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I have a code like this

:
procedure(),pointer :: p
if ()
  p => job1
else
  p => job2
endif

do i=1,a_big_number
  call x(...)
  call p(i,j,k)
enddo

The subroutine 'job1' does some work, but the subroutine 'job2' does nothing. In other words, under some circumstances, I need to finish 'x' and 'job1'. Under other circumstances, I only need to do 'x'. My question is how should I define job2. It seems simply using null() does not work. What I am doing right now is like:

subroutine job2(i,j,k)
integer,intent(in) :: i,j,k
end subroutine

However, this looks silly, and I got a lot compiling warning when I compiled the code because those arguments were not used. Is there a smarter way to do this?

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2 Answers 2

up vote 2 down vote accepted

You could nullify the procedure pointer in the case that there was nothing useful to do, and then test the association status prior to invoking the procedure through the pointer.

PROCEDURE(interface_that_matches_job1), POINTER :: p
IF (...) THEN
  p => job1
ELSE
  NULLIFY(p)   ! Or p => NULL()
END IF

DO i = 1, a_big_number
  CALL x(...)
  IF (ASSOCIATED(p)) CALL p(i,j,k)
END DO
share|improve this answer
    
The reason I want to do this is that I can avoid a conditional judgement in the do loop. If I do it in your way, it will be the same as putting if(...) call job1 in the do loop. Then I won't need a procedure pointer here. Sorry that I did not make my point clear. –  shuttler Mar 9 '13 at 0:39
1  
If you could just do call p(...) and have compiler automatically decide to call the procedure pointer p if it pointed to something or to decide not call anything if the pointer is null, then the compiler would be doing an IF behind the scenes, as it were. With your concern for run-time speed, what difference does it make if the compiler automatically tests whether the procedure pointer is null or if you have to write out the if (associated(p)) test? –  M. S. B. Mar 9 '13 at 3:28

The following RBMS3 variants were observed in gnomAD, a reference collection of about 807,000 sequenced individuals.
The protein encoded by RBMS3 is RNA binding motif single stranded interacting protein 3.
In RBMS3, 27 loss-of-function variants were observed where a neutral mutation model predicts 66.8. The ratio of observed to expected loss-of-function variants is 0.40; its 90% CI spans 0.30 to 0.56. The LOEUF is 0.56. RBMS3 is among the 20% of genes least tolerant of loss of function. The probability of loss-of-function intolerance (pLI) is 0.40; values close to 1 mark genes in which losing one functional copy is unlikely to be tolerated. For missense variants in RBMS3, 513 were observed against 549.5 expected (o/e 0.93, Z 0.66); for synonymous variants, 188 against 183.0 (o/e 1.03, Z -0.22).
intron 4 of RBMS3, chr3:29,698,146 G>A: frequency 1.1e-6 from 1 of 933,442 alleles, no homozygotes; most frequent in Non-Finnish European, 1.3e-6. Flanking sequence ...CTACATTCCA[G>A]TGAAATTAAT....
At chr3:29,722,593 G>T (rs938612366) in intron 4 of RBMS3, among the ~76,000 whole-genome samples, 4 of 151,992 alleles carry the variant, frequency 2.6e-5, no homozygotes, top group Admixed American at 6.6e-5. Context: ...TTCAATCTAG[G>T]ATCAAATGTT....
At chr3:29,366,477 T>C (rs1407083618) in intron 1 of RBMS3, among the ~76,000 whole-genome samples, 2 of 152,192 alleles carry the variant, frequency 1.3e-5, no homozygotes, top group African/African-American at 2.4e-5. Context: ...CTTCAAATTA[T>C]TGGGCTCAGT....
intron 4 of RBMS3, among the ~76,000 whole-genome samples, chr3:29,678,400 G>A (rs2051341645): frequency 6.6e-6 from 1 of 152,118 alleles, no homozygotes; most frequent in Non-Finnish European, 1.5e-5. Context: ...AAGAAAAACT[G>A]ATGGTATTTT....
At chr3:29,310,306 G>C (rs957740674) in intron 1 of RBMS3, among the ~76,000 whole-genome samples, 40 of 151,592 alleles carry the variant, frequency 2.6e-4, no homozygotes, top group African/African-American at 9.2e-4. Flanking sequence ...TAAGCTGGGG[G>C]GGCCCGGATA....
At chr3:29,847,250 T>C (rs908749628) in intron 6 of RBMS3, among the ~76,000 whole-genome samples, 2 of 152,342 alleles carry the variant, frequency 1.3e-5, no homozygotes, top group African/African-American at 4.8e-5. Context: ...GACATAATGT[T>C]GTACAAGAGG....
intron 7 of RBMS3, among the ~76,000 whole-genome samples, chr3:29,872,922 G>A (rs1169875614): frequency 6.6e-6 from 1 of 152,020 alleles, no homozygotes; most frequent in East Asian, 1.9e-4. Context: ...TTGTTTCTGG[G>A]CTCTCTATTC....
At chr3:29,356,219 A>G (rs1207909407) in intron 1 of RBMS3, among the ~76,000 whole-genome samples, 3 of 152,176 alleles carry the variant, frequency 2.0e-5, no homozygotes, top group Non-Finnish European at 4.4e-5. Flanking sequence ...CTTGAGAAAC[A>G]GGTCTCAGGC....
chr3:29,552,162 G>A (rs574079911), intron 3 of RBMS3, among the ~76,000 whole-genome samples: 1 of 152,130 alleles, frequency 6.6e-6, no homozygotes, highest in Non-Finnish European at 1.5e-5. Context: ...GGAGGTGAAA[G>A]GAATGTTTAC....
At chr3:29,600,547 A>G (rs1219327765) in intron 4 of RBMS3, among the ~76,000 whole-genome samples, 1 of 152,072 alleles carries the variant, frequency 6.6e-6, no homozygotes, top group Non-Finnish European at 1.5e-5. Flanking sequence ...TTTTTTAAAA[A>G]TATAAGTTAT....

1  
Further to what M.S.B. says, if execution speed is motivating your requirements then I'd expect the overhead of the dynamic call of the procedure pointed at by the pointer to be greater than a simple conditional test anyway (i.e. calling a procedure that does nothing takes longer than testing a logical and not calling a procedure). Execution wise, both options are more than likely irrelevant anyway in the context of a real program. If you requirements are motivated by some other situation, then it would help to know what it is. –  IanH Mar 9 '13 at 5:59

If your concern is really about the if statement in the loop, you could just put the if statement outside of the loop:

if (condition) then
  do ii = 1, big_number
    call x(...)
    call p(i,j,k)
  end do
else
  do ii = 1, big_number
    call x(...)
  end do
end if

Then do some timings on this version and then on a version with the if inside the loop:

do ii = 1, big_number
  call x(...)
  if (condition) then
    call p(i,j,k)
  end if
end do

I'd rather guess that you won't see any significant difference between them, as the subroutine call in the loop may already giving you an overhead much larger as the one caused by the if statement.

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